You own your home, and live in it, and know all of its small idiosyncrasies: the creaks in the stairs, the window that is hard to open and close, or the vent fan that sounds like a jet taking off. Now you’ve accepted an offer on that home. What should you expect from the buyers inspection at the beginning of the sale, as well as the inspection at the end of the sale?
Yes, there are two inspections, not one.
The first inspection is done by a home inspector. It looks at the functional mechanics and structural soundness of your home. These are the repairs that you should have made while you owned the home, or items that you did not even know were issues. Before you put your home on the market, you should obtain your own home inspection, so you know what to expect from the buyers inspection. You can then head off most issues or can determine the cost of repairs–both without the pressure to accept a price reduction or lose your sale.
In addition, the buyer’s inspector will be sure to point out a couple of items that have nothing to do with function or repairs. They will suggest that your heating system be serviced (or replaced) depending on the age of the furnace, that your hot water tank be replaced (unless it is less than 5 years old), that the dryer vent be cleaned out, and that all of your roof is cleaned and the gutters cleaned out. Over the past five years, more than 75% of the inspections on my listings or sales have requested most if not all of these items.
The second inspection is the one that surprises most sellers and that often creates more hard feelings and upset for both buyers and sellers. Buyers have the right–and should exercise the opportunity–to inspect the home just prior to closing of the sale to make sure everything is basically the same as when they wrote the offer. (Note: If there were repairs required by the home inspector or the appraiser, these would already have been inspected.)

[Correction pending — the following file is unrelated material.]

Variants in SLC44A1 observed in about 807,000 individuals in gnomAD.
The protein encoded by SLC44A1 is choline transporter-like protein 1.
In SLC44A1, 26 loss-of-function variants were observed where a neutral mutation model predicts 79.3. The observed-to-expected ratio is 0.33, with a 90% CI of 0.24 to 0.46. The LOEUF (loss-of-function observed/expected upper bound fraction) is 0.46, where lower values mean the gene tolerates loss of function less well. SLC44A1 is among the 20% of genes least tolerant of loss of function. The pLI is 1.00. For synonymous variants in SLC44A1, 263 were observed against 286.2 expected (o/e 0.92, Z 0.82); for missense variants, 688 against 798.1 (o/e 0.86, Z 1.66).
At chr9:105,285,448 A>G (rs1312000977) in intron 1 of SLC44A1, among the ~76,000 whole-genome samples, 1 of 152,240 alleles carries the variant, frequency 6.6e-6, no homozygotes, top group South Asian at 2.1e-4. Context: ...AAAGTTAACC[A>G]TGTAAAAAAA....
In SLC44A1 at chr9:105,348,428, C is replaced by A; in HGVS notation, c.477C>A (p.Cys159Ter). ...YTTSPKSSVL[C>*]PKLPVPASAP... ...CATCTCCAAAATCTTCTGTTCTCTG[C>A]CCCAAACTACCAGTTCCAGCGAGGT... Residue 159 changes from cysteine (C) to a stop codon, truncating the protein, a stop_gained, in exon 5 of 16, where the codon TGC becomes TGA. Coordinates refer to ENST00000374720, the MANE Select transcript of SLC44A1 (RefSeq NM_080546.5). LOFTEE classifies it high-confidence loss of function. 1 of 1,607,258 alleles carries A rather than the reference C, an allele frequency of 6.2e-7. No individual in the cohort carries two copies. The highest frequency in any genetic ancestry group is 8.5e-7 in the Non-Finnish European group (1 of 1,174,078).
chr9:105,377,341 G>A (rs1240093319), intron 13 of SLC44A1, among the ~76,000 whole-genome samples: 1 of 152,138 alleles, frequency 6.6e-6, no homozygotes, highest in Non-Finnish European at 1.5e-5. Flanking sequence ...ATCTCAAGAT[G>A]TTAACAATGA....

Here are some of the issues I have seen which cause arguments between buyers and sellers (and their agents) from this final inspection:
1. Leaving the home dirty.
2. Nail holes–or worse, large holes–in walls where pictures were hung.
3. Mixed wall colors, where the seller tried to paint over damage and used different paint.
4. Carpets made dirty from people going in and out of the home to move items.
5. Damage to walls, corners, or stairs from movers banging into them.
6. Leftover food from move-out night, such as pizza, causing stains on floors and carpets.
7. Garbage, tools, or personal items left in the garage, crawl space, storage shed, or attic.
8. Light fixtures, curtain rods, or other attached items removed that were not disclosed as part of the sale.
9. Shrubs, trees, or flowers removed without agreement.
10. Yards or fences damaged from moving out.
11. Not leaving garage door openers, or keys to all doors or mail box.
The last week before closing can be a stressful process of arranging and scheduling people and activities. We have a moving checklist that can help people, plus a website, moving made easy, that will help both buyers and sellers with the process. In addition, we suggest that sellers schedule a cleaning company and handyman to make the home ready for the buyer. While this is a little extra cost, it is so worth the stress reduction and goodwill.
How to Sell Your House